The case of the Post illustrates the power of the Internet to overcome censorship. By the time the February 5 edition was removed from the Zamnet site, it had already been downloaded by a reader in the United States, who then published the banned edition on his own Internet site. And because this copy of the banned edition was sitting on a computer in the USA, there was nothing the Zambian authorities could do about it. Another positive outcome was that the authorities were persuaded to fight fire with fire, and to publish its own information alongside The Post, thus providing Internet readers with both sides of the news in Zambia; a good example of media plurality and diversity of opinion at work. Zamnet should be applauded for its proactive approach. However, its doubtful whether all Internet Service Providers would have reacted in the same way as Zamnet.
Despite all the talk of "cyberspace" and "information superhighways", the Internet remains reliant on terrestrial technology; telephone lines and computers. As I have just mentioned, the Internet Service Providers are vulnerable to political pressure. They are also vulnerable to taxation. Throughout much of Africa, computers are considered by the authorities as luxury items and are subject to huge import and sales duties. Meanwhile, telephone lines in Africa are still largely controlled by monopolistic State or parastatal organisations. In Botswana, legislation protecting the monopoly of the state-run telecommunications company prohibits the setting up of privately-owned Internet Service Providers. As a result, Botswana Internet users have to dial long distance into service providers in South Africa, and in the process run up phone bills of between U$23 - 30 for every hour they are on line. Similar legislation exists in Zimbabwe, where the country’s private Internet service providers operate in a very grey legislative area, making them vulnerable to pressure and prosecution.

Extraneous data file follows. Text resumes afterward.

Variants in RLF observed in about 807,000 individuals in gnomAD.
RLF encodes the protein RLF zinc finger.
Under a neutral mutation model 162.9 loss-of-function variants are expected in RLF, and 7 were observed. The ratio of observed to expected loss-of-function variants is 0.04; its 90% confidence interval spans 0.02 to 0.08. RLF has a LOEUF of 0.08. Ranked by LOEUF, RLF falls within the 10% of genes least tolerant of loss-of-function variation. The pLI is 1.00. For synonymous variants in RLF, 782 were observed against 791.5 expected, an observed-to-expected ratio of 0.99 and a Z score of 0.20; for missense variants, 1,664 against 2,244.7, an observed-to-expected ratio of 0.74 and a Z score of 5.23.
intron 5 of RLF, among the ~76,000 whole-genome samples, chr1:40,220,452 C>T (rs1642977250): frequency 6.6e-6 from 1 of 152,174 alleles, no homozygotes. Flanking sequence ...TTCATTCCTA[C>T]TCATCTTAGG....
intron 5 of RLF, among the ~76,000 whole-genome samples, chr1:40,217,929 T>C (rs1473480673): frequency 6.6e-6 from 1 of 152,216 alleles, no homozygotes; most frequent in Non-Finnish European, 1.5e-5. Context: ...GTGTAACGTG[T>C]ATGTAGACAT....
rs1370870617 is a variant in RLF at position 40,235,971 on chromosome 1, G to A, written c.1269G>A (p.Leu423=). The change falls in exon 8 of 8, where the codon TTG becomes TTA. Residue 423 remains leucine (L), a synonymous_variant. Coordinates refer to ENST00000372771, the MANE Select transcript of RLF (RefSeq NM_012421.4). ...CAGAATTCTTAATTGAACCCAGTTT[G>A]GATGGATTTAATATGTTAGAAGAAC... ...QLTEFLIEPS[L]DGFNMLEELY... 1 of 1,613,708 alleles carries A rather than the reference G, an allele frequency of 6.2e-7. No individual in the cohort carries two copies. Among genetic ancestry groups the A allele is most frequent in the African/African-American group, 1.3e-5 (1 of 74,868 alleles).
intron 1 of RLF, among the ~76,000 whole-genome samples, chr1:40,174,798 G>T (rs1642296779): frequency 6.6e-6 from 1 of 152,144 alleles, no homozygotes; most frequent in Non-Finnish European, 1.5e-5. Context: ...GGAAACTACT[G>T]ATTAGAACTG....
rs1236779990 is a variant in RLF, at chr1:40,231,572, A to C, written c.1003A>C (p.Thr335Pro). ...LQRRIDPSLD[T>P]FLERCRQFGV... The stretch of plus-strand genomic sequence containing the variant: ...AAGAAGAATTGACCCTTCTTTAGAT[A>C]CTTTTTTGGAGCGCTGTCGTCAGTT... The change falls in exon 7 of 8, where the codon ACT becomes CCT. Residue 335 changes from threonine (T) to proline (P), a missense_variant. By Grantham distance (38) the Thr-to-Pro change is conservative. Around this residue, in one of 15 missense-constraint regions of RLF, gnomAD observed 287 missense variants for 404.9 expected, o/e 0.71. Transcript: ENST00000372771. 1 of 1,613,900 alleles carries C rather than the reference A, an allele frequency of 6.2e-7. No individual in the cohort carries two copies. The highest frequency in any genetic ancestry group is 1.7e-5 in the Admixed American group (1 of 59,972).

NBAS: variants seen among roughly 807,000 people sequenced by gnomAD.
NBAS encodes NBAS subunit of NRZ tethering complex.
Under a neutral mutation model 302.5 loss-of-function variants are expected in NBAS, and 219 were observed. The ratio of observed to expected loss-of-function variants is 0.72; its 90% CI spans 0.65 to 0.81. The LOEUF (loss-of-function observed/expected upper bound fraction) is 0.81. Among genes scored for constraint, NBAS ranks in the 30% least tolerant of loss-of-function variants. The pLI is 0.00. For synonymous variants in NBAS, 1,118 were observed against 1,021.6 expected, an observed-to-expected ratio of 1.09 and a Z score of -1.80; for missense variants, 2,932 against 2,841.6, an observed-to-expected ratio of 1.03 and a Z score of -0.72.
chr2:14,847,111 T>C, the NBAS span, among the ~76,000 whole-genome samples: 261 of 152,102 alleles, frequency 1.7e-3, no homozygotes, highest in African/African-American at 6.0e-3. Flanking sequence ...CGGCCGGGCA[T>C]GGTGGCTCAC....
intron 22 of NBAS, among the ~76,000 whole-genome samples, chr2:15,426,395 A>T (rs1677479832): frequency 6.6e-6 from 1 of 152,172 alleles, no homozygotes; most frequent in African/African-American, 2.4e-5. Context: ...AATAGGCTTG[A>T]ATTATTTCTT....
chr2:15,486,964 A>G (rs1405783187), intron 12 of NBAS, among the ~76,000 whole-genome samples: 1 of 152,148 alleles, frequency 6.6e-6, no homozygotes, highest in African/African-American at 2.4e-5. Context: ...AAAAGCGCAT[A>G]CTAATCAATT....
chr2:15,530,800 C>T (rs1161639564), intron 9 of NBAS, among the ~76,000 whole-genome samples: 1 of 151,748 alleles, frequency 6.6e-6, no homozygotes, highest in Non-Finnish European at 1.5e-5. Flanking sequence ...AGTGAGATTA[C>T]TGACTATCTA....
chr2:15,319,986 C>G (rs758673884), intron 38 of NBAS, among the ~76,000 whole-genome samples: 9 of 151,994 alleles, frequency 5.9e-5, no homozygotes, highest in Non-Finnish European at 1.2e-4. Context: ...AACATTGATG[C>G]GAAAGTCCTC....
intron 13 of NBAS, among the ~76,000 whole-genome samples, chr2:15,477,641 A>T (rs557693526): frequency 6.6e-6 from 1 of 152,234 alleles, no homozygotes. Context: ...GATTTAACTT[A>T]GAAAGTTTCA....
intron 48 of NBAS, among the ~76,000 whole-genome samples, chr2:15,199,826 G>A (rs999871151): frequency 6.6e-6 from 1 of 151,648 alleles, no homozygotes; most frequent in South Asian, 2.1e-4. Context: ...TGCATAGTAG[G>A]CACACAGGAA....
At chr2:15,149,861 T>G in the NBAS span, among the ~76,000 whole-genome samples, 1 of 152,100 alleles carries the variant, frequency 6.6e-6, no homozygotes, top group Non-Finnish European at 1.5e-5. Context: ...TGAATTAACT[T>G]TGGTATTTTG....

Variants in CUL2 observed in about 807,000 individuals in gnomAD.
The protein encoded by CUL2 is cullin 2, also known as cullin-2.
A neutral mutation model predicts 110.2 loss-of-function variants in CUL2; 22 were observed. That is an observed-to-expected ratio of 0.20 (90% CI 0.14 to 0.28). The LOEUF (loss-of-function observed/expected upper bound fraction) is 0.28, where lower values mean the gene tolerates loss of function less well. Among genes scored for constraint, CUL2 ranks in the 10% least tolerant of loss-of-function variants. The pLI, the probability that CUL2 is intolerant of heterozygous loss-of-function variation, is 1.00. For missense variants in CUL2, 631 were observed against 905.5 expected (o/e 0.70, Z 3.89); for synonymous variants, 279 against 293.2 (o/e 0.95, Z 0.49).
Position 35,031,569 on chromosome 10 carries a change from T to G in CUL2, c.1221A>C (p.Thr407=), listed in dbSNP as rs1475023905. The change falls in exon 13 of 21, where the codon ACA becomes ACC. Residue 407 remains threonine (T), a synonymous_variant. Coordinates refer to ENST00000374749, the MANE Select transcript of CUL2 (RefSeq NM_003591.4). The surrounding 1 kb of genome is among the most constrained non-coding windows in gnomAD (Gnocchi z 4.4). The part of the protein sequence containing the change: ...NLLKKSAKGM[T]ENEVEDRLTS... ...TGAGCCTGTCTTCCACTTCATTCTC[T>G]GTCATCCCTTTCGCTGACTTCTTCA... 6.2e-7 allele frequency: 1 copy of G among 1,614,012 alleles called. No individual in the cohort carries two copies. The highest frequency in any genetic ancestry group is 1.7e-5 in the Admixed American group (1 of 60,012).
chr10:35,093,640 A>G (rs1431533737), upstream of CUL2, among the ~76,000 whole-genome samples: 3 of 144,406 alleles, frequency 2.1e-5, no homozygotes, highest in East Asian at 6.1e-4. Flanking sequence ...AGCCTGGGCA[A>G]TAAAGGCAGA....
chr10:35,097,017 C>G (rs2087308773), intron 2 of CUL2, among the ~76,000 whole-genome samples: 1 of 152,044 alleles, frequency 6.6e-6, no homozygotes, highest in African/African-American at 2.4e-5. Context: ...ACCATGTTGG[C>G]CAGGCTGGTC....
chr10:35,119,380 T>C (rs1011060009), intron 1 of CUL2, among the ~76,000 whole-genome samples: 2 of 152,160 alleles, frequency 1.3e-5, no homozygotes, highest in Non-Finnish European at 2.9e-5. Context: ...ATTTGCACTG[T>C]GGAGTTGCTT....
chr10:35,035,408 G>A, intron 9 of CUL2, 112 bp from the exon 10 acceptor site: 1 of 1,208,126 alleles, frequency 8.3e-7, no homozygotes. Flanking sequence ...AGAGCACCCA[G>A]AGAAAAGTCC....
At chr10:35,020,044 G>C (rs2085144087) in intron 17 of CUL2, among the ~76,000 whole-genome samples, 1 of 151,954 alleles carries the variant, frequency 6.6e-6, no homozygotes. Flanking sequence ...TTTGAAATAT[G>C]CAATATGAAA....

State control of telecommunications infrastructure also makes it relatively easy for the authorities to monitor the Internet. On February 11, the Chinese government announced that all communication via the Internet should be channelled through gateways controlled and monitored by the Ministry of Posts and Telecommunications. Five days later, it ordered that all domestic Internet users should register with the police. Another legal grey area is the actual identity of the Internet. In some countries Internet Service Providers are treated like broadcasters, which means they are subject to the same stringent legislation which governs the broadcast media. This unclear definition of what the Internet actually is also makes it difficult to apply international human rights standards to the medium.